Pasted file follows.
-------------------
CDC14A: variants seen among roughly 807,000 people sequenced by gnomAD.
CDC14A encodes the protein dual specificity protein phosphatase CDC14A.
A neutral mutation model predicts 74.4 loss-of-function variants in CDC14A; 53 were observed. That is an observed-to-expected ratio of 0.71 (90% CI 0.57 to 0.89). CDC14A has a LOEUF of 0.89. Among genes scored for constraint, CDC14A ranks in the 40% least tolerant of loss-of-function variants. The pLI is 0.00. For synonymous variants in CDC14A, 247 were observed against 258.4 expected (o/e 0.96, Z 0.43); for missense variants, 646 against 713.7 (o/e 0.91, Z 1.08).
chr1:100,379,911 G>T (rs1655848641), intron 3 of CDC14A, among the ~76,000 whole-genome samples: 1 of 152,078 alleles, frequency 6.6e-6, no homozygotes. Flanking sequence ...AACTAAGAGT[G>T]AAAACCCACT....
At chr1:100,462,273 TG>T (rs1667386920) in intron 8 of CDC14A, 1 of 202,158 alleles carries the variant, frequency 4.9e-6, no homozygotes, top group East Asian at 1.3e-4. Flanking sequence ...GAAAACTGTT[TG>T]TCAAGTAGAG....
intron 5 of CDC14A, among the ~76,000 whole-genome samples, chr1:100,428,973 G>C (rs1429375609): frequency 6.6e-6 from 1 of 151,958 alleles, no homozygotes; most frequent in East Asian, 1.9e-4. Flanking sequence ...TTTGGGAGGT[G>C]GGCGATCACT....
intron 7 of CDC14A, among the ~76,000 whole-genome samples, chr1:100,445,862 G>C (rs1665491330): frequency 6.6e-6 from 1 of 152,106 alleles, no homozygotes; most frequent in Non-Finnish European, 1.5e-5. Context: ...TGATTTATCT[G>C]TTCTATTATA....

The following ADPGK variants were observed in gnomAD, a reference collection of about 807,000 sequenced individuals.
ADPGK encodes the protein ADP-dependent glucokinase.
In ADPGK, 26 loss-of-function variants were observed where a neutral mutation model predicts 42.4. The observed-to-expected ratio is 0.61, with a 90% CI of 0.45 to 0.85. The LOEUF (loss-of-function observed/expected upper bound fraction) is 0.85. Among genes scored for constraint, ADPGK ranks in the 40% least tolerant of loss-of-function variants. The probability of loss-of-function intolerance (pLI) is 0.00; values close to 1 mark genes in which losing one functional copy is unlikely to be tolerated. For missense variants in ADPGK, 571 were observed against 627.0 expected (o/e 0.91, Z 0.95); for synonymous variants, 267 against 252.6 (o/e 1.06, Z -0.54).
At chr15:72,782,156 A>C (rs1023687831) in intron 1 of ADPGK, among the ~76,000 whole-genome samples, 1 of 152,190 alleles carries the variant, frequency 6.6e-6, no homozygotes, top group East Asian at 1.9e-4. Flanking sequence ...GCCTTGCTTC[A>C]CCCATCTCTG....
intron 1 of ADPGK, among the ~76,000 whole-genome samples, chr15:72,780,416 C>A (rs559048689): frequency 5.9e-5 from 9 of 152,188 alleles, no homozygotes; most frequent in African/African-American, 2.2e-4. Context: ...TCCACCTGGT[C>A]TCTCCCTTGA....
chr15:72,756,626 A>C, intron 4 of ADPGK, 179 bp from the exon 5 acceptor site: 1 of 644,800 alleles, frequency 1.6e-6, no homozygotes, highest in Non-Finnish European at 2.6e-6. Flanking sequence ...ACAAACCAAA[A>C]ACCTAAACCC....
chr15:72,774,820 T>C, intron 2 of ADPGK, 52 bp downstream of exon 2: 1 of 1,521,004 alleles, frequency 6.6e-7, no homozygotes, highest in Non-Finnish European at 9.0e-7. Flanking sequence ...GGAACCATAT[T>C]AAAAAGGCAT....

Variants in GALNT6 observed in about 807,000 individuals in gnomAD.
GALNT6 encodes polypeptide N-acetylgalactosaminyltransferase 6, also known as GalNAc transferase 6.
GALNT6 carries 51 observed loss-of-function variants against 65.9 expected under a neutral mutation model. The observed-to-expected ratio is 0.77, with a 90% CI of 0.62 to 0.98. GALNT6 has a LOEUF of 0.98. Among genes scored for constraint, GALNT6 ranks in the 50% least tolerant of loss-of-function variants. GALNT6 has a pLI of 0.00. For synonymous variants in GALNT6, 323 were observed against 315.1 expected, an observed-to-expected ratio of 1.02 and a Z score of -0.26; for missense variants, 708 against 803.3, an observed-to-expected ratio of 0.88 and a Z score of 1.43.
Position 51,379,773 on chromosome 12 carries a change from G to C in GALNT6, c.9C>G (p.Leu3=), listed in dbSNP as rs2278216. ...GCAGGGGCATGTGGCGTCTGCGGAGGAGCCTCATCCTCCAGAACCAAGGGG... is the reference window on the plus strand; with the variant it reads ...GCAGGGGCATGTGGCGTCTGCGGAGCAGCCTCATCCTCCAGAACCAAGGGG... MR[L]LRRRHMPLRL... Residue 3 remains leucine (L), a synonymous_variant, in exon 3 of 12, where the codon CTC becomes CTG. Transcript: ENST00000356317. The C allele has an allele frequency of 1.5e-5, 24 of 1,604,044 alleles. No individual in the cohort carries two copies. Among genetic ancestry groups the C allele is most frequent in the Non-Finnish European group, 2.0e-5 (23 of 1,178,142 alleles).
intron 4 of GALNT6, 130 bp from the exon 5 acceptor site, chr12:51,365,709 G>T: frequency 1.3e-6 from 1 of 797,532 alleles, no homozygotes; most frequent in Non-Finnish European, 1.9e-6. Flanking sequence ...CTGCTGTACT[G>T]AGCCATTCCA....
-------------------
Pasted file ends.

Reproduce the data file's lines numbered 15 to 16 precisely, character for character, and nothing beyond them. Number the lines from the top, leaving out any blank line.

Variants in GALNT6 observed in about 807,000 individuals in gnomAD.
GALNT6 encodes polypeptide N-acetylgalactosaminyltransferase 6, also known as GalNAc transferase 6.